Supporting Caregivers’ Dementia Care, Respite, and Information/Access Needs
In its fifty-year history, AOA has invested significant resources in the development and implementation of innovative demonstration programs designed to advance practice in the field of aging. Through various demonstration programs, ACL and the aging and disability services networks have made significant advances in meeting the diverse and rapidly changing support needs of family caregivers.
Alzheimer’s Disease Supportive Services Program
ADSSP Program Goals:
The Aging Services Network serves a substantial number of people with dementia and their family caregivers. ACL’s 2014 National Survey of Older Americans Act Participants revealed that about 61 percent of the caregivers served by the NFCSP are caring for a loved one with Alzheimer’s Disease or related dementia (ACL/ AOA, 2014). As the population continues to age, it is reasonable to expect that the numbers of older persons with dementia will simultaneously increase, thus placing increased demands on the aging network to develop and implement interventions to support family caregivers who step in to support these individuals (Hebert et al., 2013).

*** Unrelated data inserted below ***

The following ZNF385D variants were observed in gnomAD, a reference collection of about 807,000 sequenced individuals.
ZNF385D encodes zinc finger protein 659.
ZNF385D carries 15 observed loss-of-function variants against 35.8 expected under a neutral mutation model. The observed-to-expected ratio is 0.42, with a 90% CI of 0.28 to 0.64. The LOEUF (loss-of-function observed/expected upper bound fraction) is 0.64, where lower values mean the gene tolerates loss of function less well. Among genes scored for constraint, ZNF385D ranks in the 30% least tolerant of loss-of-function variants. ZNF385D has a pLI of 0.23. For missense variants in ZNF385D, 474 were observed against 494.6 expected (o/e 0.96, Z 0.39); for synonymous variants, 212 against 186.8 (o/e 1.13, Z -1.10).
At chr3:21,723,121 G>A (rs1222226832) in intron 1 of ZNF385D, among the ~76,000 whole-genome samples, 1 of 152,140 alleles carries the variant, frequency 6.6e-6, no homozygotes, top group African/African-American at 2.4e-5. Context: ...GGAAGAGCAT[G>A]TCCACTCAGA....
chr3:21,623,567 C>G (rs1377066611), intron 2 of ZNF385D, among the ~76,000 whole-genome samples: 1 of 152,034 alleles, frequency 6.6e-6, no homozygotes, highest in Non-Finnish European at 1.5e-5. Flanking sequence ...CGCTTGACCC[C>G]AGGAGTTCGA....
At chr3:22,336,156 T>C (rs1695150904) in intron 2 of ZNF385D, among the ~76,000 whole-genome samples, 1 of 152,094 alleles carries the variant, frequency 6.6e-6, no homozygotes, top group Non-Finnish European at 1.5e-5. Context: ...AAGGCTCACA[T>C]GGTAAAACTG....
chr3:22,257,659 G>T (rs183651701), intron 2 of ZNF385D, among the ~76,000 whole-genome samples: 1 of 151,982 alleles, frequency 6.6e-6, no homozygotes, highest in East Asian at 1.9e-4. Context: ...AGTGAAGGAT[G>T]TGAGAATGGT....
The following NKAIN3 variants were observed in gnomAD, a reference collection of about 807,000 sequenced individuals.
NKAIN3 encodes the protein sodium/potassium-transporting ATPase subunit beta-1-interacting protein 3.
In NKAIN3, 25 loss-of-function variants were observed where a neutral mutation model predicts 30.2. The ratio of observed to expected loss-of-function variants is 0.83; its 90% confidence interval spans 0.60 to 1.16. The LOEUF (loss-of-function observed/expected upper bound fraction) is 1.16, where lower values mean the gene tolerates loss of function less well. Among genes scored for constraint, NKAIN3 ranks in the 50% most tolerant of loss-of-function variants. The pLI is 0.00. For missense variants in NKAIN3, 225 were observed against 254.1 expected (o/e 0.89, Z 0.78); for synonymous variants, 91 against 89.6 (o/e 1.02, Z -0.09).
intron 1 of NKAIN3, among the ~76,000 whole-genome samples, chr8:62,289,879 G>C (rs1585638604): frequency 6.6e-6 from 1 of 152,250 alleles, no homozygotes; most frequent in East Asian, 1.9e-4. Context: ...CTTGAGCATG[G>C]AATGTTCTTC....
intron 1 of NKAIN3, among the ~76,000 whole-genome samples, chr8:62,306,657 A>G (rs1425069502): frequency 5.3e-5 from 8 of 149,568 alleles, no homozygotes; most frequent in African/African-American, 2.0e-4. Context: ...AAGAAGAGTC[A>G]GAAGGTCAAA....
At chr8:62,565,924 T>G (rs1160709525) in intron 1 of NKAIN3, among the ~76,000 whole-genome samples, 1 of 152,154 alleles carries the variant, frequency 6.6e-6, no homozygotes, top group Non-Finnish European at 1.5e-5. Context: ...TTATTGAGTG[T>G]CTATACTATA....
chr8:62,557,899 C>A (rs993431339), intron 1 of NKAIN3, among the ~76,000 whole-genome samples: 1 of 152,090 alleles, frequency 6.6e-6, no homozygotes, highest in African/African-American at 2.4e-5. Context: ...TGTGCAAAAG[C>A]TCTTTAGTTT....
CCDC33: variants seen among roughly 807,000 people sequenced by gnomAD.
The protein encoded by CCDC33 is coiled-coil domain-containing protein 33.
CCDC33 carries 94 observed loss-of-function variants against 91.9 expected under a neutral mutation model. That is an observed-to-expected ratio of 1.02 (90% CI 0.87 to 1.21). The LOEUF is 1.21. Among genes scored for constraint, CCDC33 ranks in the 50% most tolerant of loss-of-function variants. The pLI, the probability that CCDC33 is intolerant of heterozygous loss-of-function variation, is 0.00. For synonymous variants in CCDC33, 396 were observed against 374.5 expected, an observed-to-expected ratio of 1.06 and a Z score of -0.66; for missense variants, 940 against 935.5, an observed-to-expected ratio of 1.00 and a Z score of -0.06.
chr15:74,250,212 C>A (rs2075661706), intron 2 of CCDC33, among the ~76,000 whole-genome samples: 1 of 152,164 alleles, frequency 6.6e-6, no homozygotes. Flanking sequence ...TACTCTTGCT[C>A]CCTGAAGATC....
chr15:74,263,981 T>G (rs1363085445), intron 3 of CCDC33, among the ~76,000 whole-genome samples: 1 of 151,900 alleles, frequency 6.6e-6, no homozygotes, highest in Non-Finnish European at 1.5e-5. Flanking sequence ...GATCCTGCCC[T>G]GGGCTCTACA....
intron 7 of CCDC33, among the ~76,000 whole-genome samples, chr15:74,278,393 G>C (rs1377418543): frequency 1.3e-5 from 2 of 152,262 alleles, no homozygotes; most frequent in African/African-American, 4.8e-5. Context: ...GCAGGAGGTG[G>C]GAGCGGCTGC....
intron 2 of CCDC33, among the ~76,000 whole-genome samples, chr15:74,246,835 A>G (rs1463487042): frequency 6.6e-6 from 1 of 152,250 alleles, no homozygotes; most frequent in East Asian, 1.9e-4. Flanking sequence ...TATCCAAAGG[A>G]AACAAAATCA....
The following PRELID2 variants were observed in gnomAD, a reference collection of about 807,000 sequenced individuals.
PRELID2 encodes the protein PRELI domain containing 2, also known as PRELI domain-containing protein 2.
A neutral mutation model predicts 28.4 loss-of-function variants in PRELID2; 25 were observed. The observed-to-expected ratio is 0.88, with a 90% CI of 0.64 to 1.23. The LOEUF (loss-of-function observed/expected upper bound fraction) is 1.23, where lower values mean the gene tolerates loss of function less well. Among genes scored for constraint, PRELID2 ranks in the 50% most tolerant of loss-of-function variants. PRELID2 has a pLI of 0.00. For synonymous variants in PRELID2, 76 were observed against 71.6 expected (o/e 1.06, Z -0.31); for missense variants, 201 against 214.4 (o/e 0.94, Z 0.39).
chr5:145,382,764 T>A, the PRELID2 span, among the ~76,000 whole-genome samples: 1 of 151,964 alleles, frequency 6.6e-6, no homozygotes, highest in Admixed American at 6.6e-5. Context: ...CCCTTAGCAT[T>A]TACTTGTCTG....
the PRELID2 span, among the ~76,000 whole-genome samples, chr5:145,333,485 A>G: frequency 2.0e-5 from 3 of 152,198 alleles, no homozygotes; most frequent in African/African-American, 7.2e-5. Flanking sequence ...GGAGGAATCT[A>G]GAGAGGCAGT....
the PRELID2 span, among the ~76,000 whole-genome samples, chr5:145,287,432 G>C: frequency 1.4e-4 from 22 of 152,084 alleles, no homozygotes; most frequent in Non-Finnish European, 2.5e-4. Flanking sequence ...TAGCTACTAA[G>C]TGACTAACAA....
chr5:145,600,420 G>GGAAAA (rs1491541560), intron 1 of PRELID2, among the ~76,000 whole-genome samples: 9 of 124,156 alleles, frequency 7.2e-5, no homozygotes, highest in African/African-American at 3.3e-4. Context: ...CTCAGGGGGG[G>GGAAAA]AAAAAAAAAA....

In 1992, AOA began implementing the Alzheimer’s Disease Demonstration Grants to States Program to improve HCBS for people with Alzheimer’s and related dementias and to help families obtain appropriate services. In 2008, AOA redesigned the program to place more emphasis on the use of evidence-based and evidence-informed approaches and, in 2009, renamed it the Alzheimer’s Disease Supportive Services Program (ADSSP). In 2011, AOA began requiring grantees to develop and implement more integrated LTSS systems at the state and local levels to increase program capacity to support caregivers of people with dementia.
Since 2012, funding for the ADSSP has ranged from $3.7 to $4 million per year. From 2008 to 2014, approximately 47,000 persons with dementia and their family caregivers have benefited from the services provided through the program. Today, seventeen states and communities are administering ADSSP grants that support activities in two areas:
- Dementia-capability grants support grantees in their efforts to further strengthen state service delivery systems and ensure better access to dementia-capable supports and services that are integrated and sustainable.